08:52 - 05/08/2018

A Kurdish refugee whose top mathematics prize was stolen minutes after he received the honor this week in Rio de Janeiro will get a replacement medal on Saturday, organisers said.

Caucher Birkar, 40, received the gold Fields Medal, which is considered math's equivalent of the Nobel Prize, on Wednesday.

Less than an hour later, it emerged that his briefcase containing the award had vanished and when the case was found later at the Rio convention center hosting the event, the medal was missing.

But for Birkar — an Iranian Kurd who won political asylum and citizenship in Britain — minus one plus one equals gold again."On Saturday, he will receive an identical medal to the one that was stolen," said a spokesman for the International Congress of Mathematics, which organisedthe award ceremony.

The spokesman said that a fifth medal had been kept as a spare. All that remained to do was to have Birkar's name engraved.Birkar celebrated his achievement — alongside co-winners Alessio Figalli, Peter Scholze and Akshay Venkatesh — as a fairy tale come true for the often beleaguered Kurds.

 "I'm hoping this news will put a smile on the faces of those 40 million people," he said.Born in a village in the ethnic Kurdish province of Marivan, near the Iran-Iraq border, Birkar said "Kurdistan was an unlikely place for a kid to develop an interest in mathematics.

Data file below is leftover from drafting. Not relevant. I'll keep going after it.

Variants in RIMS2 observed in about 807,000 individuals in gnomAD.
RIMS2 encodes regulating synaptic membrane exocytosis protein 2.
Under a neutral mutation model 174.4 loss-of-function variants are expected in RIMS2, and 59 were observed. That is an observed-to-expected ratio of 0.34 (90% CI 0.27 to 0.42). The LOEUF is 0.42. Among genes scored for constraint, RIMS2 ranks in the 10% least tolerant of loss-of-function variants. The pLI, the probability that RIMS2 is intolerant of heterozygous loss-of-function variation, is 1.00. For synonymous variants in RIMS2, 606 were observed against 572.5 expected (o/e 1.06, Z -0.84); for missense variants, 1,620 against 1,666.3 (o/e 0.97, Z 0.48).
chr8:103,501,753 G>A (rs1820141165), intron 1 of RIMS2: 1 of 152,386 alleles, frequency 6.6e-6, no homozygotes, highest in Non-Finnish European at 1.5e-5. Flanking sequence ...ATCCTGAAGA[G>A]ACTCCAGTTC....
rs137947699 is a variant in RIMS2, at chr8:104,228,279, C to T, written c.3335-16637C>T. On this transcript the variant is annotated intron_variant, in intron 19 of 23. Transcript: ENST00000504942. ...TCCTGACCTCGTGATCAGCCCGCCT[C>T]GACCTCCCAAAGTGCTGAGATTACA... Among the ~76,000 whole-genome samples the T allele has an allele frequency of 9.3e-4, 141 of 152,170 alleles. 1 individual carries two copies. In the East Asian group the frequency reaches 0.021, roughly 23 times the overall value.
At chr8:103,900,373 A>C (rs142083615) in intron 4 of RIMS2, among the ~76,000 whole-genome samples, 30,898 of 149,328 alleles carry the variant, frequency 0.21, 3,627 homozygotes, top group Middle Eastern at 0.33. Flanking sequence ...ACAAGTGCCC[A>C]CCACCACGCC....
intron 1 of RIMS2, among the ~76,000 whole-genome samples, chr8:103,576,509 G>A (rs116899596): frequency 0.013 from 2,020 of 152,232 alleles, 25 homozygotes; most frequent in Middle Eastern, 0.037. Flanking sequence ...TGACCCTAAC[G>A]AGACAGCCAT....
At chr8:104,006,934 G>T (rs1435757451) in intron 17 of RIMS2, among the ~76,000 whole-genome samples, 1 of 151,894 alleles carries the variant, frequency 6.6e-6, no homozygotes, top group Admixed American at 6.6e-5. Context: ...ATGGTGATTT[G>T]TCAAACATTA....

"Despite that, he went from Tehran University, where he recounts having looked up dreamily at portraits of past Fields winners, to get political asylum and citizenship in Britain — and establish himself as an exceptional mathematical mind.

The Fields medal recognizes the outstanding mathematical achievements of candidates who were under 40 years old at the start of the year. At least two and preferably four people are honored each time.

Akshay Venkatesh, the fourth awardee, is an Indian-born and Australian-raised prodigy who began his undergraduate degree in mathematics and physics at the University of Western Australia when he was just 13.

Now 36, and at Stanford University in the United States, Venkatesh specializes in number theory and describes his work in terms more often associated with the artistic fields."

A lot of the time, when you do math, you're stuck. But you feel privileged to work with it: you have a feeling of transcendence and feel like you've been part of something really meaningful," Venkatesh said.

In 2014, Maryam Mirzakhani from Iran, became the award's first and so far only female winner for her research in theoretical mathematics. She died in 2017 after having battled breast cancer for a long time.

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